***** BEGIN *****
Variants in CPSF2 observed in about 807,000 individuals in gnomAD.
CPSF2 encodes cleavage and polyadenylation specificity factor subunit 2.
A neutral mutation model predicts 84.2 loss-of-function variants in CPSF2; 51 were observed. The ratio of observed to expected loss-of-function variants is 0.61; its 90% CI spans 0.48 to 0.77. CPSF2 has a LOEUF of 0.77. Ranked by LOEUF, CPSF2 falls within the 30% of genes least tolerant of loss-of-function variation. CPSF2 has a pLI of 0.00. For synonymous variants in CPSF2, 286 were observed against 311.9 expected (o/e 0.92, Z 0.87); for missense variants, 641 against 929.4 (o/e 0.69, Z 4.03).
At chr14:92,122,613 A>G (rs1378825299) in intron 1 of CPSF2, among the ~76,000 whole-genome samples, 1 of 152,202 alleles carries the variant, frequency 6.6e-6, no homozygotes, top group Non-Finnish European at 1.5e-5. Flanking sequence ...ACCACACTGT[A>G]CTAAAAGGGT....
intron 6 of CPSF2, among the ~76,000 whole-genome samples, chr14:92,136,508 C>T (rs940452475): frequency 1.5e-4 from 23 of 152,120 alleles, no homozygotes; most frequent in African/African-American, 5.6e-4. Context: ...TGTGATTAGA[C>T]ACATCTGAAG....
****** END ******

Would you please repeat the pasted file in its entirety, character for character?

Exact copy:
Variants in CPSF2 observed in about 807,000 individuals in gnomAD.
CPSF2 encodes cleavage and polyadenylation specificity factor subunit 2.
A neutral mutation model predicts 84.2 loss-of-function variants in CPSF2; 51 were observed. The ratio of observed to expected loss-of-function variants is 0.61; its 90% CI spans 0.48 to 0.77. CPSF2 has a LOEUF of 0.77. Ranked by LOEUF, CPSF2 falls within the 30% of genes least tolerant of loss-of-function variation. CPSF2 has a pLI of 0.00. For synonymous variants in CPSF2, 286 were observed against 311.9 expected (o/e 0.92, Z 0.87); for missense variants, 641 against 929.4 (o/e 0.69, Z 4.03).
At chr14:92,122,613 A>G (rs1378825299) in intron 1 of CPSF2, among the ~76,000 whole-genome samples, 1 of 152,202 alleles carries the variant, frequency 6.6e-6, no homozygotes, top group Non-Finnish European at 1.5e-5. Flanking sequence ...ACCACACTGT[A>G]CTAAAAGGGT....
intron 6 of CPSF2, among the ~76,000 whole-genome samples, chr14:92,136,508 C>T (rs940452475): frequency 1.5e-4 from 23 of 152,120 alleles, no homozygotes; most frequent in African/African-American, 5.6e-4. Context: ...TGTGATTAGA[C>T]ACATCTGAAG....